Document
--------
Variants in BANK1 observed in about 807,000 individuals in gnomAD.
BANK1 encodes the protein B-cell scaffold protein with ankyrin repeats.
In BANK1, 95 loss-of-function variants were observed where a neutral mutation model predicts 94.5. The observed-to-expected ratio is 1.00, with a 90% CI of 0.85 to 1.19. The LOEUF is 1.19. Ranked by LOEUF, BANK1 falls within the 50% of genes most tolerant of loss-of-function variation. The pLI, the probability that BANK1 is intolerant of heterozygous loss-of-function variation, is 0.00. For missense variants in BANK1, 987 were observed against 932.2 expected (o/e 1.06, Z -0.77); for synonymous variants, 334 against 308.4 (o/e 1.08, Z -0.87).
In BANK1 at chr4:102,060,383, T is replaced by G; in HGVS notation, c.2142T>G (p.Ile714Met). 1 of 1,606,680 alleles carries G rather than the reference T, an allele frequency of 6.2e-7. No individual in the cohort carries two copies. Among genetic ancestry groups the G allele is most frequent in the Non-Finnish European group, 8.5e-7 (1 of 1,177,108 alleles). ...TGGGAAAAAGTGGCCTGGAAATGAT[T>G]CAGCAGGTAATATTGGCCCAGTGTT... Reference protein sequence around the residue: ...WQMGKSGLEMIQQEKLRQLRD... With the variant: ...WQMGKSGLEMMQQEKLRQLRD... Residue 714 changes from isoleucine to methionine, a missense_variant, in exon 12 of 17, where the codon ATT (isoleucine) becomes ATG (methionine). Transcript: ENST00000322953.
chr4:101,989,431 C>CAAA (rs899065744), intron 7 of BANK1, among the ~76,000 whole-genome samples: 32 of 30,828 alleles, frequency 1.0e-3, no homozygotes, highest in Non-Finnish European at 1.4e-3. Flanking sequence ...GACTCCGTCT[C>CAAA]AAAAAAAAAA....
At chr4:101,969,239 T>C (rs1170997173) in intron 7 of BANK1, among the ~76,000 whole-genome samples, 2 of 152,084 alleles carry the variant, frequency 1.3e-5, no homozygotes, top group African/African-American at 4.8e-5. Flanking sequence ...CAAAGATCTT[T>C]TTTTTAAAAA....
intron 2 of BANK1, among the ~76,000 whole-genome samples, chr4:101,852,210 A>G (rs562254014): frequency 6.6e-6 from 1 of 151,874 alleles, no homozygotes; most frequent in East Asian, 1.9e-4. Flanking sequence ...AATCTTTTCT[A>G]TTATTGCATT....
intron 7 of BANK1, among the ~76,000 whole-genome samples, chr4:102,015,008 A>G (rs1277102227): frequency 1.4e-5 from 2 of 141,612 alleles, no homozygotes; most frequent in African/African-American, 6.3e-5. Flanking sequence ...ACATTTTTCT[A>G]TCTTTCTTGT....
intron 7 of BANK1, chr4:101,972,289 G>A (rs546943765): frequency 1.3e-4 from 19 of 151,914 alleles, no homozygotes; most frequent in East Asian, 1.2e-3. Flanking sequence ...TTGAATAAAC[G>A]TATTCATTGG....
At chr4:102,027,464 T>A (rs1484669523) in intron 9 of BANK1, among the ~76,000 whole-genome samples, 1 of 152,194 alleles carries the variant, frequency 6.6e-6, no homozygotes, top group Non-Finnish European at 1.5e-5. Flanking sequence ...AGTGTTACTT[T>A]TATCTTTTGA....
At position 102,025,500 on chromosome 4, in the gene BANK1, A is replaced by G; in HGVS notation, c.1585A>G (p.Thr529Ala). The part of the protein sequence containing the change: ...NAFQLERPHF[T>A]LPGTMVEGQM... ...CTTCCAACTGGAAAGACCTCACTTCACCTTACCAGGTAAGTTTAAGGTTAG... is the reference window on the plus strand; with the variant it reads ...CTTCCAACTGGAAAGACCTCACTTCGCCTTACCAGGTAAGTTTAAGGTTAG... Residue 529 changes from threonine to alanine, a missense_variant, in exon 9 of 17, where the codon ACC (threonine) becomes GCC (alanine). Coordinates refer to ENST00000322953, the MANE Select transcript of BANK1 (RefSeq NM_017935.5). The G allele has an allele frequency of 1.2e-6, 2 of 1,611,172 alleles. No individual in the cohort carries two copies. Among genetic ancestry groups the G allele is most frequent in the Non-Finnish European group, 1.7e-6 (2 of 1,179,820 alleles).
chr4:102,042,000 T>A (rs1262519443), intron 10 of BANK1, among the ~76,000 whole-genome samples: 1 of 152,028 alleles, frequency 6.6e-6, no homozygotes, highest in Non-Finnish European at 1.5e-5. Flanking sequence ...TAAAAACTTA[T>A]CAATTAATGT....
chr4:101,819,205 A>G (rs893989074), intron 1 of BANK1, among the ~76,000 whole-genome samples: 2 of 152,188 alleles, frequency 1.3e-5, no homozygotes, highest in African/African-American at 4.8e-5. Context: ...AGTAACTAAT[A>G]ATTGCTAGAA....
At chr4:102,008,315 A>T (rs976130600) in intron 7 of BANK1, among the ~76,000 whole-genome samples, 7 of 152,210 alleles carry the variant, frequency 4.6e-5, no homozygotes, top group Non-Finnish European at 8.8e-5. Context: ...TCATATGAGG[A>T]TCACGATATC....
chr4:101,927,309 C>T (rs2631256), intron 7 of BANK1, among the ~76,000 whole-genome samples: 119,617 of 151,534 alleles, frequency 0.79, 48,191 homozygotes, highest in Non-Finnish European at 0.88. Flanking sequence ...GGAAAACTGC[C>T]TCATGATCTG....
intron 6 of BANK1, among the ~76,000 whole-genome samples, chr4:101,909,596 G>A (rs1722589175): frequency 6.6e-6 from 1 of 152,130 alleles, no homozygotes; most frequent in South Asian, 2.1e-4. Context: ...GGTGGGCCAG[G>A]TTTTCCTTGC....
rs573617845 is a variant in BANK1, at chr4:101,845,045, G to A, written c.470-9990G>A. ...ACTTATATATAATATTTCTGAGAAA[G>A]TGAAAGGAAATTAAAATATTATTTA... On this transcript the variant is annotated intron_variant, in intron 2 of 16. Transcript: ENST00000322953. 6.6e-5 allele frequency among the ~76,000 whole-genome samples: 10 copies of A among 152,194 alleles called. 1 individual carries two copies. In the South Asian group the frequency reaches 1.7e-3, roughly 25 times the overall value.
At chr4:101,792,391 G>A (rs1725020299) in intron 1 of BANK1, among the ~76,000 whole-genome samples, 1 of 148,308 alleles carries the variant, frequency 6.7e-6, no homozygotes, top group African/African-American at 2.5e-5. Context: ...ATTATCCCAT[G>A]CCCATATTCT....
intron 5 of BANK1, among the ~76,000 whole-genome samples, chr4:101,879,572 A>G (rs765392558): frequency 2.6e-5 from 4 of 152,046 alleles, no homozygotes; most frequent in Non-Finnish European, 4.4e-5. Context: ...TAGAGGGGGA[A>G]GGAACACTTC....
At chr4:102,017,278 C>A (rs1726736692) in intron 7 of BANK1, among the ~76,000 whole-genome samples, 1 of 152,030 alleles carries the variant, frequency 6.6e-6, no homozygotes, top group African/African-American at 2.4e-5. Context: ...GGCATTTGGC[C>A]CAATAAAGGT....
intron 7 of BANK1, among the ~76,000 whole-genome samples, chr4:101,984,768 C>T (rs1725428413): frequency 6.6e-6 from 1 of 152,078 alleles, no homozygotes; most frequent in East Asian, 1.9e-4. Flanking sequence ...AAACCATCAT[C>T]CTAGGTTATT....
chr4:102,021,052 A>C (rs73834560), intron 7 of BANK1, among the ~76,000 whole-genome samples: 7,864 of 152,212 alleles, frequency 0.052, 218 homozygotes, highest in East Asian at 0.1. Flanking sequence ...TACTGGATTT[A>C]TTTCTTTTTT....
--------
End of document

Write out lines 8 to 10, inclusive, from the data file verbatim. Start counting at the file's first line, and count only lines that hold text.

intron 7 of BANK1, among the ~76,000 whole-genome samples, chr4:102,015,008 A>G (rs1277102227): frequency 1.4e-5 from 2 of 141,612 alleles, no homozygotes; most frequent in African/African-American, 6.3e-5. Flanking sequence ...ACATTTTTCT[A>G]TCTTTCTTGT....
intron 7 of BANK1, chr4:101,972,289 G>A (rs546943765): frequency 1.3e-4 from 19 of 151,914 alleles, no homozygotes; most frequent in East Asian, 1.2e-3. Flanking sequence ...TTGAATAAAC[G>A]TATTCATTGG....
At chr4:102,027,464 T>A (rs1484669523) in intron 9 of BANK1, among the ~76,000 whole-genome samples, 1 of 152,194 alleles carries the variant, frequency 6.6e-6, no homozygotes, top group Non-Finnish European at 1.5e-5. Flanking sequence ...AGTGTTACTT[T>A]TATCTTTTGA....